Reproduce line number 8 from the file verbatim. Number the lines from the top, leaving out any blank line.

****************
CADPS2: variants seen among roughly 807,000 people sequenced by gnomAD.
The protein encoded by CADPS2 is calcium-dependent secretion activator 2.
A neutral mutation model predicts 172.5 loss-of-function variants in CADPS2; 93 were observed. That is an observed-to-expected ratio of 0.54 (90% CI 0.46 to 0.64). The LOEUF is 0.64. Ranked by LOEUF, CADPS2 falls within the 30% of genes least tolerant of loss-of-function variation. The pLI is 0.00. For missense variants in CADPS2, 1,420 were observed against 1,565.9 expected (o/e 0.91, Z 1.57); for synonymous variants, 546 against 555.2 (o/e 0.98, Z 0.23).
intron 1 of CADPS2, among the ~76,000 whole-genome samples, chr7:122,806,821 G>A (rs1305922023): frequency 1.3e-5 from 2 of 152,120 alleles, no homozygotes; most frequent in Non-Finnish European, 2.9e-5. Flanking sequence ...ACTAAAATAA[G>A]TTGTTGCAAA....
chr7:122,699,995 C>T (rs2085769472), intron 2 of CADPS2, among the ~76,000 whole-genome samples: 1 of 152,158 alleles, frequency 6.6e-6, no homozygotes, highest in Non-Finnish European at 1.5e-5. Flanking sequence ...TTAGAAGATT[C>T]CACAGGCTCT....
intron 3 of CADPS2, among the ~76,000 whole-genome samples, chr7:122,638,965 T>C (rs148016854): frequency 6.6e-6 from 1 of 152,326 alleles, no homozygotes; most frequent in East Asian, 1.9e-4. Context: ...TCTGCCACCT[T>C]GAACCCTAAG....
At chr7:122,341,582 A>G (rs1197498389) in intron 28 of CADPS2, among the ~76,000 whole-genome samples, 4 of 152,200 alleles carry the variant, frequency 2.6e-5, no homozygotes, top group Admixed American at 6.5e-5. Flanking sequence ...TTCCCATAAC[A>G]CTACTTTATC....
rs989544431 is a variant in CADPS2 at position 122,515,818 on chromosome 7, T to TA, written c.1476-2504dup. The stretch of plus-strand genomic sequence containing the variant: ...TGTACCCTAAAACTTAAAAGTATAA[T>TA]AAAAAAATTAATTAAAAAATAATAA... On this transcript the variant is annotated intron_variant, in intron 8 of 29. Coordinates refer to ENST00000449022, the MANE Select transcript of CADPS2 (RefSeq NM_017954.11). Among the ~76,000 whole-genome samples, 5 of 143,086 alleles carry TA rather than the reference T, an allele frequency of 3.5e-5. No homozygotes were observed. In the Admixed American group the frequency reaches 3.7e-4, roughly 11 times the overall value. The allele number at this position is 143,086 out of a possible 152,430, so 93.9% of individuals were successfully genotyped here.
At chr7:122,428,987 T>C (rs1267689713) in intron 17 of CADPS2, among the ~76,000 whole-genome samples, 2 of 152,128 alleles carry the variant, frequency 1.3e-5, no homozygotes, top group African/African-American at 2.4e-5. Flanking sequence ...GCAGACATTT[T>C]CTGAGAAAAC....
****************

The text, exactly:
rs989544431 is a variant in CADPS2 at position 122,515,818 on chromosome 7, T to TA, written c.1476-2504dup. The stretch of plus-strand genomic sequence containing the variant: ...TGTACCCTAAAACTTAAAAGTATAA[T>TA]AAAAAAATTAATTAAAAAATAATAA... On this transcript the variant is annotated intron_variant, in intron 8 of 29. Coordinates refer to ENST00000449022, the MANE Select transcript of CADPS2 (RefSeq NM_017954.11). Among the ~76,000 whole-genome samples, 5 of 143,086 alleles carry TA rather than the reference T, an allele frequency of 3.5e-5. No homozygotes were observed. In the Admixed American group the frequency reaches 3.7e-4, roughly 11 times the overall value. The allele number at this position is 143,086 out of a possible 152,430, so 93.9% of individuals were successfully genotyped here.